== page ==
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Orlando Sentinel: State viewpoint: What are the reasons behind rising auto insurance rates in Florida?

Tuesday, March 22, 2016

The next time you’re stopped at a traffic light, take a look to your right and there’s a pretty good possibility the driver next to you is texting. Look to your left, and you may see a pedestrian glued to his cellphone while attempting to cross the street. These types of distractions not only threaten your safety and the ones you love, but they also might be impacting your auto insurance costs — and at an alarming rate.

Since 2013, Florida has experienced the fourth-highest increase in auto accidents in the nation. This comes at a time when the cost of accidents is increasing — from rising medical-care costs to higher expenses for repairing more sophisticated cars. While safety is always our first concern, these frequency and severity trends also could be hitting your families’ pocketbooks.

Florida is at the leading edge of a nationwide trend on increased accident frequency that began in the last quarter of 2014, but dramatically accelerated in 2015.

Over the past decades, automobiles have become significantly safer with major advancements in airbags, safety belts, and new accident-avoidance technology. So what is causing this rise in accident frequency?

PCI policy analysts have conducted extensive research on the subject. We’ve found that the leading factors for the rise in accidents here in Florida can be attributed to distracted driving and traffic congestion. Recently, Warren Buffett said that distracted driving also is a major national factor in this significant rise in auto accident frequency across the country.

David Sampson is the the president and CEO of the Property Casualty Insurers Association of America.

And a new national phenomenon — distracted walking — could be another factor leading to increased auto accidents. A distracted pedestrian in an intersection threatens the safety of those on foot as well as motorists and passengers. According to Geoffrey Fowler of the Wall Street Journal, emergency-room visits from distracted pedestrians spiked 124 percent from 2010 to 2014. Research from the University of Buffalo went so far as to conclude that distracted walking results in more accidents per mile than distracted driving.

The increase in frequency of auto accidents comes at a time when claims costs associated with auto accidents are becoming more devastating and more expensive — increasing the severity of accidents.

Let’s talk more about accident severity. Last month, the National Safety Council estimated that motor-vehicle deaths in Florida for 2015 increased 18 percent compared to 2014. Nationally, they estimate that motor-vehicle deaths were 8 percent higher in 2015 than they were in 2014 — the largest annual increase in 50 years.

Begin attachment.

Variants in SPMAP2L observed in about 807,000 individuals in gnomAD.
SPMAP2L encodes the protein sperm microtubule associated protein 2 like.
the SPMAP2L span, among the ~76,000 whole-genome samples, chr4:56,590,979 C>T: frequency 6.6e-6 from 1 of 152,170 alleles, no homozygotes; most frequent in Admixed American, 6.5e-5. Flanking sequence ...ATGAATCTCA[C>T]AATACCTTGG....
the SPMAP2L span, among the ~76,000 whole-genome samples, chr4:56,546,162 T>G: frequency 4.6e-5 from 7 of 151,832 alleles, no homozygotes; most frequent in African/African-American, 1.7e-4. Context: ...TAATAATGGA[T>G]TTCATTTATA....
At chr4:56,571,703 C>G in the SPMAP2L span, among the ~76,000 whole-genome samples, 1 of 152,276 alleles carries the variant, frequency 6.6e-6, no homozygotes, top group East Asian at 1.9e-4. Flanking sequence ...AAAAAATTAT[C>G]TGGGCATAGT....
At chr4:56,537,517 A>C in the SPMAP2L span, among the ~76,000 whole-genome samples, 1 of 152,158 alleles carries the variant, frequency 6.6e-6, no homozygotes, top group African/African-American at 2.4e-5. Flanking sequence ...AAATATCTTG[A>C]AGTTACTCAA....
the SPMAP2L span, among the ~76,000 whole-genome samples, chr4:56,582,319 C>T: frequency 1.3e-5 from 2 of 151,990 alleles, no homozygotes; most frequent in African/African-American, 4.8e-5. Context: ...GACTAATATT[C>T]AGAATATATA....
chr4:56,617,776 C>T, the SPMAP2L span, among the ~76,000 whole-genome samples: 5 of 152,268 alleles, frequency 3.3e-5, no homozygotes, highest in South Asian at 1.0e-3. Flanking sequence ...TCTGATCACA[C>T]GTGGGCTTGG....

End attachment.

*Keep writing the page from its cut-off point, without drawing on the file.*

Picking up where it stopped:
Today’s cars are safer — but more sophisticated parts are more expensive to repair. New cars are equipped with advanced computers, which are more expensive to repair due to more advanced diagnostic tools, specialized training by technicians, increasing labor costs and repair parts.

We also are seeing increased costs driven by medical care. Since 2005, insurance claim costs for bodily injuries have increased by 40 percent nationally, higher than the increase in the Consumer Price Index for medical care.

Increased frequency of accidents and increased severity of the accidents make for a bad combination for insurance consumers. Up until the past few years, the increase in claims costs was offset by a decline in the number of claims filed. This helped keep insurance costs stable for consumers. However, these new trends are now combining to put upward pressure on costs.

Where’s the good news? There are a number of ways that motorists, policymakers, insurers, and car makers can work together to make roads safer and keep insurance costs stable. The keys are addressing the unsafe activities that cause crashes and supporting innovative technologies that protect drivers.

In Florida, distracted-driving crashes have increased by 25 percent since 2012. The implementation and enforcement of distracted-driving laws, which discourage texting while driving and ban handheld cellphone use, are important first steps. We also must continue to educate motorists about the dangers of driving under the influence of not just alcohol, but also recreational and prescription drugs.

Accident safety has made tremendous progress over the past few decades. Similarly, the development and expansion of collision-avoidance technology show promise in reducing the kind of low-speed accidents that occur mostly in dense traffic.

Driving in Central Florida can be complicated enough. Let’s continue to work together to keep motorists and pedestrians safe — and keep insurance costs low.

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